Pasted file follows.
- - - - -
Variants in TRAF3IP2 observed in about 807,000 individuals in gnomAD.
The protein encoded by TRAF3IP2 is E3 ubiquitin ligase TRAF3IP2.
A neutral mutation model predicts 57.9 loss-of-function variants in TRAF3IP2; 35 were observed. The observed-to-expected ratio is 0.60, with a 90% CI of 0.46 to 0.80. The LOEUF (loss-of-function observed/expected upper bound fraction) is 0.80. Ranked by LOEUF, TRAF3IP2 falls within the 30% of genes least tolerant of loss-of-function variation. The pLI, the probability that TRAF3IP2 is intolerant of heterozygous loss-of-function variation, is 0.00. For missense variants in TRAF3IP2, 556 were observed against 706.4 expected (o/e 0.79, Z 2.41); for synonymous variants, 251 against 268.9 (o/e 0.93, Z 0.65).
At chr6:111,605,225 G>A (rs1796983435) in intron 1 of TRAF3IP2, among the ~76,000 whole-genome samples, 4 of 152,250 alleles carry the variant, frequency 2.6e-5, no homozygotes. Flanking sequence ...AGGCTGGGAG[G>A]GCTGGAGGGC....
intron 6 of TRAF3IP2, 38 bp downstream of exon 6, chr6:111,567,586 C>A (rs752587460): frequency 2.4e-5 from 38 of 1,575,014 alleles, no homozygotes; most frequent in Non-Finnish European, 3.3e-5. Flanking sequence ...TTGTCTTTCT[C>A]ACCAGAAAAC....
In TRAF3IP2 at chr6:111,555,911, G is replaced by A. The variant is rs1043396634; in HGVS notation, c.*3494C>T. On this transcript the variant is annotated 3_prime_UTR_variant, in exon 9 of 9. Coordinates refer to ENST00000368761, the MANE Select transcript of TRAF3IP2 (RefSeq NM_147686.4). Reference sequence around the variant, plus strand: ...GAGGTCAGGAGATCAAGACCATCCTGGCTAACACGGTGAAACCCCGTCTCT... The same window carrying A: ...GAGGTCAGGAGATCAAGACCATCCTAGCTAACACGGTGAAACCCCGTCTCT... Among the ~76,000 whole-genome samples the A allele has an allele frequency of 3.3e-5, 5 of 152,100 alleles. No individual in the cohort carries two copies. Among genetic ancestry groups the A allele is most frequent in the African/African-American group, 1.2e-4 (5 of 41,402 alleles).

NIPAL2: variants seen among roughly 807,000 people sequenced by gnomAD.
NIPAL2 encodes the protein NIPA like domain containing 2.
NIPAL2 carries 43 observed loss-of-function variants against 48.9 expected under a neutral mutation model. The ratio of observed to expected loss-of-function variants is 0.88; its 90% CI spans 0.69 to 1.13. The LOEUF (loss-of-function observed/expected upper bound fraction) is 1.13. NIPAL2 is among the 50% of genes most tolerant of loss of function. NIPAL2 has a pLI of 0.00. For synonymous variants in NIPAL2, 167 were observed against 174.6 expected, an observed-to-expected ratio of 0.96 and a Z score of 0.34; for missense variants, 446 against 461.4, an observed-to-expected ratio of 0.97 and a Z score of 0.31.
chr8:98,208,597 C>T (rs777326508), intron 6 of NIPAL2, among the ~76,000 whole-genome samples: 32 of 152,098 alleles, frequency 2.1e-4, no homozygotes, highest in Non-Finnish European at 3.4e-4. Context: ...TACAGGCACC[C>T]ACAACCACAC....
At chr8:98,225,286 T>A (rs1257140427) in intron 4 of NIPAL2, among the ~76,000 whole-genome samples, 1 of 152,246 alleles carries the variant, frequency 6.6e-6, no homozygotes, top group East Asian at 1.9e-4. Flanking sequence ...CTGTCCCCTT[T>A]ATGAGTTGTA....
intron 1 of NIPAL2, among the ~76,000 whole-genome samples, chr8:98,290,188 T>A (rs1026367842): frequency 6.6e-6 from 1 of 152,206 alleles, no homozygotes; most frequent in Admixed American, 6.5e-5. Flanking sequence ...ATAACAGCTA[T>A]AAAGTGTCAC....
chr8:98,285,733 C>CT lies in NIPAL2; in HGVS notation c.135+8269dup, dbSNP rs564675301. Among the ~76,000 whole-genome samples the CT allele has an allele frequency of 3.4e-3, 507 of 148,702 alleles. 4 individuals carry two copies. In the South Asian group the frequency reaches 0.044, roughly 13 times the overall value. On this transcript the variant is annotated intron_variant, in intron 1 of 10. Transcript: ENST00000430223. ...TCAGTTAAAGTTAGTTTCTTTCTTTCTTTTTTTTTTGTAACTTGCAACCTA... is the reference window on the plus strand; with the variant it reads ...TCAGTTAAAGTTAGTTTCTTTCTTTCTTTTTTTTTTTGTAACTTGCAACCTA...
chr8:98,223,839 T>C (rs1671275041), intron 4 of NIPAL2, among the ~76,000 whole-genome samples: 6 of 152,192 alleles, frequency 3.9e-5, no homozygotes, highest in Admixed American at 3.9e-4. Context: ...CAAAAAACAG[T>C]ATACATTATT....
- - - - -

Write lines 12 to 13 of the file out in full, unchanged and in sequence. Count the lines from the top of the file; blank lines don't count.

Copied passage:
intron 1 of NIPAL2, among the ~76,000 whole-genome samples, chr8:98,290,188 T>A (rs1026367842): frequency 6.6e-6 from 1 of 152,206 alleles, no homozygotes; most frequent in Admixed American, 6.5e-5. Flanking sequence ...ATAACAGCTA[T>A]AAAGTGTCAC....
chr8:98,285,733 C>CT lies in NIPAL2; in HGVS notation c.135+8269dup, dbSNP rs564675301. Among the ~76,000 whole-genome samples the CT allele has an allele frequency of 3.4e-3, 507 of 148,702 alleles. 4 individuals carry two copies. In the South Asian group the frequency reaches 0.044, roughly 13 times the overall value. On this transcript the variant is annotated intron_variant, in intron 1 of 10. Transcript: ENST00000430223. ...TCAGTTAAAGTTAGTTTCTTTCTTTCTTTTTTTTTTGTAACTTGCAACCTA... is the reference window on the plus strand; with the variant it reads ...TCAGTTAAAGTTAGTTTCTTTCTTTCTTTTTTTTTTTGTAACTTGCAACCTA...